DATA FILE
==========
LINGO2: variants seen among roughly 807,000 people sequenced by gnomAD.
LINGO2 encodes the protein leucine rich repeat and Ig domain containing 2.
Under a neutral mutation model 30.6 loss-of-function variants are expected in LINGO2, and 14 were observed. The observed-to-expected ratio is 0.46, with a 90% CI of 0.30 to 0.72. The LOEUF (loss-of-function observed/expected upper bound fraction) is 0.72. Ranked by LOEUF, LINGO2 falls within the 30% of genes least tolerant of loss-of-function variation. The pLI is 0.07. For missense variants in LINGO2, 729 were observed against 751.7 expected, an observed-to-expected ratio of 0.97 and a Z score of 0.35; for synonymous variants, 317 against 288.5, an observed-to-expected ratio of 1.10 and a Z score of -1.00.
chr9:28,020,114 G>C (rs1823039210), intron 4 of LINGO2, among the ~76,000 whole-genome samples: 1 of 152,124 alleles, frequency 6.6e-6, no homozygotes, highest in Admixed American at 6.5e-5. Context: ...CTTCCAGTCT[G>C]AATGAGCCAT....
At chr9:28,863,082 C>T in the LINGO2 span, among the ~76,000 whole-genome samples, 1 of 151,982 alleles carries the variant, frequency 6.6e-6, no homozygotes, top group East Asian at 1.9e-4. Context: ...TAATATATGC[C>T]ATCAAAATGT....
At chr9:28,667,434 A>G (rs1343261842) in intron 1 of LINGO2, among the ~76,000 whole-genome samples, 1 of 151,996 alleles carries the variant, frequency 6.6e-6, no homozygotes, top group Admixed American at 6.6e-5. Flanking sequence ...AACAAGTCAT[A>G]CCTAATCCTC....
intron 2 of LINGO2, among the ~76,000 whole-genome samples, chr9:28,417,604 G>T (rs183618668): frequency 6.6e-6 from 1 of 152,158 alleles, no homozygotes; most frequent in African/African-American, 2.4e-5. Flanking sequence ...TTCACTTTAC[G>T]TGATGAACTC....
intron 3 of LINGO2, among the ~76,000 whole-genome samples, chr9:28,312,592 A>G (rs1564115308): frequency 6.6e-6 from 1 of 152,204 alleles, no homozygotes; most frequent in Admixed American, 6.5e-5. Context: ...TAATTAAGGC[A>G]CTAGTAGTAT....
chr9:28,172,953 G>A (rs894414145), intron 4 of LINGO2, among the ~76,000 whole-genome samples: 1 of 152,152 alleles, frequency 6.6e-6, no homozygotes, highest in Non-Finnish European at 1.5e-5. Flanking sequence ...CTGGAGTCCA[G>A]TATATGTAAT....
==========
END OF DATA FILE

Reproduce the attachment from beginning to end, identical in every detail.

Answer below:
LINGO2: variants seen among roughly 807,000 people sequenced by gnomAD.
LINGO2 encodes the protein leucine rich repeat and Ig domain containing 2.
Under a neutral mutation model 30.6 loss-of-function variants are expected in LINGO2, and 14 were observed. The observed-to-expected ratio is 0.46, with a 90% CI of 0.30 to 0.72. The LOEUF (loss-of-function observed/expected upper bound fraction) is 0.72. Ranked by LOEUF, LINGO2 falls within the 30% of genes least tolerant of loss-of-function variation. The pLI is 0.07. For missense variants in LINGO2, 729 were observed against 751.7 expected, an observed-to-expected ratio of 0.97 and a Z score of 0.35; for synonymous variants, 317 against 288.5, an observed-to-expected ratio of 1.10 and a Z score of -1.00.
chr9:28,020,114 G>C (rs1823039210), intron 4 of LINGO2, among the ~76,000 whole-genome samples: 1 of 152,124 alleles, frequency 6.6e-6, no homozygotes, highest in Admixed American at 6.5e-5. Context: ...CTTCCAGTCT[G>C]AATGAGCCAT....
At chr9:28,863,082 C>T in the LINGO2 span, among the ~76,000 whole-genome samples, 1 of 151,982 alleles carries the variant, frequency 6.6e-6, no homozygotes, top group East Asian at 1.9e-4. Context: ...TAATATATGC[C>T]ATCAAAATGT....
At chr9:28,667,434 A>G (rs1343261842) in intron 1 of LINGO2, among the ~76,000 whole-genome samples, 1 of 151,996 alleles carries the variant, frequency 6.6e-6, no homozygotes, top group Admixed American at 6.6e-5. Flanking sequence ...AACAAGTCAT[A>G]CCTAATCCTC....
intron 2 of LINGO2, among the ~76,000 whole-genome samples, chr9:28,417,604 G>T (rs183618668): frequency 6.6e-6 from 1 of 152,158 alleles, no homozygotes; most frequent in African/African-American, 2.4e-5. Flanking sequence ...TTCACTTTAC[G>T]TGATGAACTC....
intron 3 of LINGO2, among the ~76,000 whole-genome samples, chr9:28,312,592 A>G (rs1564115308): frequency 6.6e-6 from 1 of 152,204 alleles, no homozygotes; most frequent in Admixed American, 6.5e-5. Context: ...TAATTAAGGC[A>G]CTAGTAGTAT....
chr9:28,172,953 G>A (rs894414145), intron 4 of LINGO2, among the ~76,000 whole-genome samples: 1 of 152,152 alleles, frequency 6.6e-6, no homozygotes, highest in Non-Finnish European at 1.5e-5. Flanking sequence ...CTGGAGTCCA[G>A]TATATGTAAT....